No bridge had as yet been erected across the Contoocook, and the only means of communication with Penacook and Canterbury was by boat. Both the Merrimack and Contoocook were too deep to be forded. It is probable that up to this period the settlers had relied on their small skiffs, their horses and oxen swimming the rivers. But the time had come for the establishing of a public ferry. At the proprietors’ meeting, it was voted, ”that Stephen Gerrish shall have six pounds paid him by the proprietors, his building a ferry boat and keeping said boat in good repair, and giving due & constant attendance to ye proprietors to ferry themselves and their creatures over Merrimack as followeth : (viz.) a man at two pence, a man and horse at four pence, a man and one yoke of oxen at six pence, a man and one cow at four pence and young creatures according to bigness; and at years end his returning said boat to the proprietors or to whom they appoint to receive the afore said boat, or six pounds in bills of credit of ye old tenor,”.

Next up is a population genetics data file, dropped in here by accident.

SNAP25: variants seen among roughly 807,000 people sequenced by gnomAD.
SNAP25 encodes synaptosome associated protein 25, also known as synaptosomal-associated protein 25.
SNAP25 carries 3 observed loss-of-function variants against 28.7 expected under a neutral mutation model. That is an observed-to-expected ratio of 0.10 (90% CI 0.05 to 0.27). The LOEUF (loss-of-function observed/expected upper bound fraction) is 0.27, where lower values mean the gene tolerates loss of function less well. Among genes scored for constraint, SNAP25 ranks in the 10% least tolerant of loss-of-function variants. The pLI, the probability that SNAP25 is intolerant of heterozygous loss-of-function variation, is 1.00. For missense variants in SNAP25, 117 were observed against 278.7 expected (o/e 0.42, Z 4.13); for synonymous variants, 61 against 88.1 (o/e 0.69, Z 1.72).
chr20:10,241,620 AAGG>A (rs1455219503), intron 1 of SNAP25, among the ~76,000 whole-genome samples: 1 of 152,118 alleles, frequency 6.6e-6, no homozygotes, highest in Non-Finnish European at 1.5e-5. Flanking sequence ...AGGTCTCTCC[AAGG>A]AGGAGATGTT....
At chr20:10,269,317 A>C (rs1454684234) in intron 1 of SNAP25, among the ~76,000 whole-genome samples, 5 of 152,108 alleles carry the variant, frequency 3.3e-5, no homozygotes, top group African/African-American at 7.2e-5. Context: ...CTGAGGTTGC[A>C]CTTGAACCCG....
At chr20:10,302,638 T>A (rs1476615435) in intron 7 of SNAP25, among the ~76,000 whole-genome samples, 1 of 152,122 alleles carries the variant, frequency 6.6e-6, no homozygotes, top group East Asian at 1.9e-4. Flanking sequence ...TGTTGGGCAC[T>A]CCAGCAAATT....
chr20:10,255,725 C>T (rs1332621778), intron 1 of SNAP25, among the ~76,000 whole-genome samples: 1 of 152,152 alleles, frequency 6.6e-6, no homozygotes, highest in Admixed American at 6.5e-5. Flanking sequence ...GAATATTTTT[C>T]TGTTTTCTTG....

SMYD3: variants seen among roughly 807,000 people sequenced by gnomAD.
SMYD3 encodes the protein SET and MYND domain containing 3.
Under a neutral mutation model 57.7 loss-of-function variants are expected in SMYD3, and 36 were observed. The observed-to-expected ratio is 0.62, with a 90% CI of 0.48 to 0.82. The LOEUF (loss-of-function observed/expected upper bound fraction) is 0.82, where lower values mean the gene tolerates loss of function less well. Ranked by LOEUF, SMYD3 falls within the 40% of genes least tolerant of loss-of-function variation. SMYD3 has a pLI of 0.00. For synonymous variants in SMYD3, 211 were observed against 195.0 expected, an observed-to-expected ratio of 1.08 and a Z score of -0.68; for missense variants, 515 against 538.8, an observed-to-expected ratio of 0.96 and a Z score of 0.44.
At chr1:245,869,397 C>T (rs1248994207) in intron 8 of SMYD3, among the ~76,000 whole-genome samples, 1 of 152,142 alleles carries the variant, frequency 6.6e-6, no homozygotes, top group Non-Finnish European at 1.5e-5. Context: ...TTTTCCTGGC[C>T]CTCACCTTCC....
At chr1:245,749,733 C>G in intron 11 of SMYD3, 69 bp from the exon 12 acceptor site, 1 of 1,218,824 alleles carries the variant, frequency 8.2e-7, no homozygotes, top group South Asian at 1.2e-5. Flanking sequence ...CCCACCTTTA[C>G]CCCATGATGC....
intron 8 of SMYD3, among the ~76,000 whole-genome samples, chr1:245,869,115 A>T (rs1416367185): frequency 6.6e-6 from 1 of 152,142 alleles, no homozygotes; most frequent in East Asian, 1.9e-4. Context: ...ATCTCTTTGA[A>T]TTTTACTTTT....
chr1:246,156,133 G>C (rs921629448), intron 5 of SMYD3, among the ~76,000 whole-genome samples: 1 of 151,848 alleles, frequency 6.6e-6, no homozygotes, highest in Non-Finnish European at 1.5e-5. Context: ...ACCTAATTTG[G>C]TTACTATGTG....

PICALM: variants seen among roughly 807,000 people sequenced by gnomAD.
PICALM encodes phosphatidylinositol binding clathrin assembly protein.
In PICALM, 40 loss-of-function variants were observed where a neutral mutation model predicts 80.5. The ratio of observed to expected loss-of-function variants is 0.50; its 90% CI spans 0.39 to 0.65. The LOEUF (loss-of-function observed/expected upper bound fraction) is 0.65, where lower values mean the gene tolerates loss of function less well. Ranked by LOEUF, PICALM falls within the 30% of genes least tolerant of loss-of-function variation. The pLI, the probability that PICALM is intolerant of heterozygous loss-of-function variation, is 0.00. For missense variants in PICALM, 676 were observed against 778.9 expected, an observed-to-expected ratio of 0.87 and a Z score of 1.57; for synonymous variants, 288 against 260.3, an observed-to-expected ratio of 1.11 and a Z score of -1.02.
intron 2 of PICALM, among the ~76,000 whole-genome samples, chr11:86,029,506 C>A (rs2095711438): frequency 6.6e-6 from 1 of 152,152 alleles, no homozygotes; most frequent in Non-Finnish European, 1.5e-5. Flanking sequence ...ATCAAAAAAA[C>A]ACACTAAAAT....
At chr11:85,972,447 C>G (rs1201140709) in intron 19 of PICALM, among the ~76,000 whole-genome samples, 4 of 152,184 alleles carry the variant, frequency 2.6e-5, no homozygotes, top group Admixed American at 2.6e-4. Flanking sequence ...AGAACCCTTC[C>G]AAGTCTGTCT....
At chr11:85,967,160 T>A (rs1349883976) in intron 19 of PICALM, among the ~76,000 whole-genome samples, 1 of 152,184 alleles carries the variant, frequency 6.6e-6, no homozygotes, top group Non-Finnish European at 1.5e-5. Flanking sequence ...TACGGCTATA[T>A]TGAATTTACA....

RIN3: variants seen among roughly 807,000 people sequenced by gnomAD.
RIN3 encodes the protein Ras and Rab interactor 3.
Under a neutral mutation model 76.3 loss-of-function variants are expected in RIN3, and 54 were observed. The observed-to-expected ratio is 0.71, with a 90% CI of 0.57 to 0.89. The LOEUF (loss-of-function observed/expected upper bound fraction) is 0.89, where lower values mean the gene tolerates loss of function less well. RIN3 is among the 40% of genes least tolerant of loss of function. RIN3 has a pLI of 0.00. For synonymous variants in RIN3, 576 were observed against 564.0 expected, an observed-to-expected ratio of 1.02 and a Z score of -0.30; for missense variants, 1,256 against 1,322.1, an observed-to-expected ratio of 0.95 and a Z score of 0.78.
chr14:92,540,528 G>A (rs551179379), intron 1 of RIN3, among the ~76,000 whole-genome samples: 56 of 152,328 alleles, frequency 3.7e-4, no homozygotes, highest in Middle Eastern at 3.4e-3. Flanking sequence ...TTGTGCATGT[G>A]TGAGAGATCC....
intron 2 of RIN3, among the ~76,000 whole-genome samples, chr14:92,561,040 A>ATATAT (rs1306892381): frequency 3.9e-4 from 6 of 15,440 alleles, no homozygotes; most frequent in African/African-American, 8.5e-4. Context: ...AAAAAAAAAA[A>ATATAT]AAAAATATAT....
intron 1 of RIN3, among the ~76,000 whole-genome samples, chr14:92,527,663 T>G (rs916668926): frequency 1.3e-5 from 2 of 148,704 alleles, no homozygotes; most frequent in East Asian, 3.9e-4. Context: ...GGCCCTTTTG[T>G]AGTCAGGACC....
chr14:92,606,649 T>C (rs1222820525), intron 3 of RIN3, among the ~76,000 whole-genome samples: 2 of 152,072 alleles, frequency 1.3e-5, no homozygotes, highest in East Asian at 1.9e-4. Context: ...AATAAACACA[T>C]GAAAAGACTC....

The ferry was located in the bend of the Merrimack, above its junction with the Contoocook River.